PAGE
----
The then chair of the US National Intelligence Council, Professor Greg Treverton, explained in his foreword to the 2017 report that he examined global trends to identify their impact on power, governance and cooperation. In the near future, absent very different personal, political and business choices, he expects the current trajectory of trends and power dynamics to play out among rising international tensions. But what he expects to happen twenty years or more thereafter is explored through three stories or scenarios. The NIC report discusses the lessons these scenarios provide regarding potential opportunities and trade-offs in creating the future, rather than just responding to it.

It is possible to do long-term forecasting, starting with now and trying to work forwards into the far future, on the basis of mega-trends in technology, national wealth, population and so on. That quickly runs into the problem that there are too many possible intersecting options that humankind might or might not take to allow an overall estimate of where we will end up. That problem is getting worse with the interdependencies that globalization has brought. One of the fascinating aspects of the US NIC report quoted above is the use of ‘backcasting’ as well as forecasting, working backwards from a number of postulated long-term scenarios to identify the factors that might influence which of those futures we might

end up near. It is important in all such work to challenge conventional wisdom (an approach known as red teaming). When preparing the report the US NIC team visited thirty-five countries, including the UK, and canvassed ideas from academics and former practitioners such as myself, as well as serving government and military planners.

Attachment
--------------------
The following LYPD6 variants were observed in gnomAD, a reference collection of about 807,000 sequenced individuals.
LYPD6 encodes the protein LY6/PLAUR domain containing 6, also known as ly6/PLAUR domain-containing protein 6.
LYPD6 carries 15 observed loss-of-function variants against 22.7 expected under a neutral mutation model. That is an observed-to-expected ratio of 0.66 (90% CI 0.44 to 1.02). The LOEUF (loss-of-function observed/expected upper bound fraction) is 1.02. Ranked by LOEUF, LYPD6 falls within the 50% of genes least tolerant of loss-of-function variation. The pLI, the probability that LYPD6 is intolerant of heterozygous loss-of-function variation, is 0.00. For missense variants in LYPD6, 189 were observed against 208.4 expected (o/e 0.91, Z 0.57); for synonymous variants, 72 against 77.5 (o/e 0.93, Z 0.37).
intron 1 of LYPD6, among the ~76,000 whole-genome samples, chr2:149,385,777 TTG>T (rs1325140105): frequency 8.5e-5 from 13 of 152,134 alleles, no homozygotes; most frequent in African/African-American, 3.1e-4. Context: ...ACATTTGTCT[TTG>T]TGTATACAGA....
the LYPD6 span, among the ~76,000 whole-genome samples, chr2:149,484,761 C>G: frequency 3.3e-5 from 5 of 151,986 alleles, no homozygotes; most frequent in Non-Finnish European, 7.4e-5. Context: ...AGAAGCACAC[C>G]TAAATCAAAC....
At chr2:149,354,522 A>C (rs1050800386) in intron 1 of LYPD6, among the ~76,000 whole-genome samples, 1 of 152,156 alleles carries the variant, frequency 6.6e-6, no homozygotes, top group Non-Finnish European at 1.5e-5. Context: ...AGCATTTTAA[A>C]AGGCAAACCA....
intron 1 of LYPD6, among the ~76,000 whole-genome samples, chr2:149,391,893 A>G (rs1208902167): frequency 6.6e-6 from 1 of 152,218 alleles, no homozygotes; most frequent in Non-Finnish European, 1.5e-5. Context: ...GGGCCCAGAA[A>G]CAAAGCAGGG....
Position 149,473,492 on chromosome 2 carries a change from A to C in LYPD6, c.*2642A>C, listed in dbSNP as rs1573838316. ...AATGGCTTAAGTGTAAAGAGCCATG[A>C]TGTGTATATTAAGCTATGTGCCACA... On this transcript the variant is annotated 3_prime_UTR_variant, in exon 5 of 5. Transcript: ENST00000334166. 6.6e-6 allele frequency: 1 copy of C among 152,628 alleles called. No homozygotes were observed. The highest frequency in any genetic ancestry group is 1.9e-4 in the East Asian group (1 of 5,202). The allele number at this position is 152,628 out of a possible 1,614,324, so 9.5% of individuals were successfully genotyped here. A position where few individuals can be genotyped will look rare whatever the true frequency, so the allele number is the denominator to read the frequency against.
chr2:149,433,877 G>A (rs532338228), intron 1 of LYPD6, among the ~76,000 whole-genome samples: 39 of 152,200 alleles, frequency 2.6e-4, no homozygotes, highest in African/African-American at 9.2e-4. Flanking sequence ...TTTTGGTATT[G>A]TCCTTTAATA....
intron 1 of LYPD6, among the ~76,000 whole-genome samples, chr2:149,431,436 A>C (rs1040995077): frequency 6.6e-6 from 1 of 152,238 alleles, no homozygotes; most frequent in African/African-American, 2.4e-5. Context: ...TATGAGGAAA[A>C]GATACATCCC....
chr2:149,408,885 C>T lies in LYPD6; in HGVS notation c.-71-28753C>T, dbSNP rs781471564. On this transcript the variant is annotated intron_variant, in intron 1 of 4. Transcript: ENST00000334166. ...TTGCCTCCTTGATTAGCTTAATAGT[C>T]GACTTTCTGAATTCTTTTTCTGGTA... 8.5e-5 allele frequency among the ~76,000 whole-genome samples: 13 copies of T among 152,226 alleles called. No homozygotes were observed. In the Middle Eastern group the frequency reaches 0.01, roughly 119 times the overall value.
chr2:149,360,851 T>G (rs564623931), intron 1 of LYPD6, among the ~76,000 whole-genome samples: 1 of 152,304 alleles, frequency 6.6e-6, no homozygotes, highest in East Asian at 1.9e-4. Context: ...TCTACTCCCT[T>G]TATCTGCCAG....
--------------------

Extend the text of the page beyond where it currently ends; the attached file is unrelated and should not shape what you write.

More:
Using risk management in practice

A number of things have to go right in order for strategic warning to be translated into effective action at both national and international level, inside the private sector and in the home. Forecasts of risk need to be communicated effectively to those who can make use of the information. They in turn must be able to mobilize some kind of response to reduce, mitigate or transfer the risk. And there must be the capacity to learn lessons from experience of this process.

Advised by the assessments of the Joint Intelligence Committee, and by

the National Risk Assessment16 from the Civil Contingencies Secretariat, the UK’s National Security Council, chaired by the Prime Minister,

promulgates the strategic threat priorities for government.17 The 2015 Risk Assessment identified a major human pandemic as one of the most significant national security risks (in terms of likelihood and impact) facing the UK. A test of plans in 2016 exposed major gaps in capability. By the time COVID-19 struck in 2020 there was at least a national biological security strategy in place, although shortcomings still emerged along with shortages of essential protective equipment.

A comparable role must be played by the boards of companies, charitable organizations and government agencies in ensuring that major risks are identified and monitored and that plans for managing the risks are in place. A useful lesson I have learned is to divide the risks into three groups. The first group consists of the risks that are outside the influence of the business, such as a major disease outbreak. These are known as the exogenous risks. The second group of risks are those inherent in the nature of the business: banks suffer fraud, retailers suffer pilfering or ‘shrinkage’ of stock, trucking companies have accidents and so on. The final group of risks are those that the company took on itself, such as investment in a major IT upgrade on which the viability of the whole enterprise depends.

There is nothing most companies can do to eliminate the risks in the first group. But they can conduct periodic impact assessments, and exercise contingency plans. Even MI6 got caught out in September 2000 when a PIRA terrorist fired a small rocket at their Vauxhall Cross headquarters and the police then declared the building a crime scene and refused to allow staff back in until their investigations were complete, a more than trivial problem for an organization that has to operate 24/7.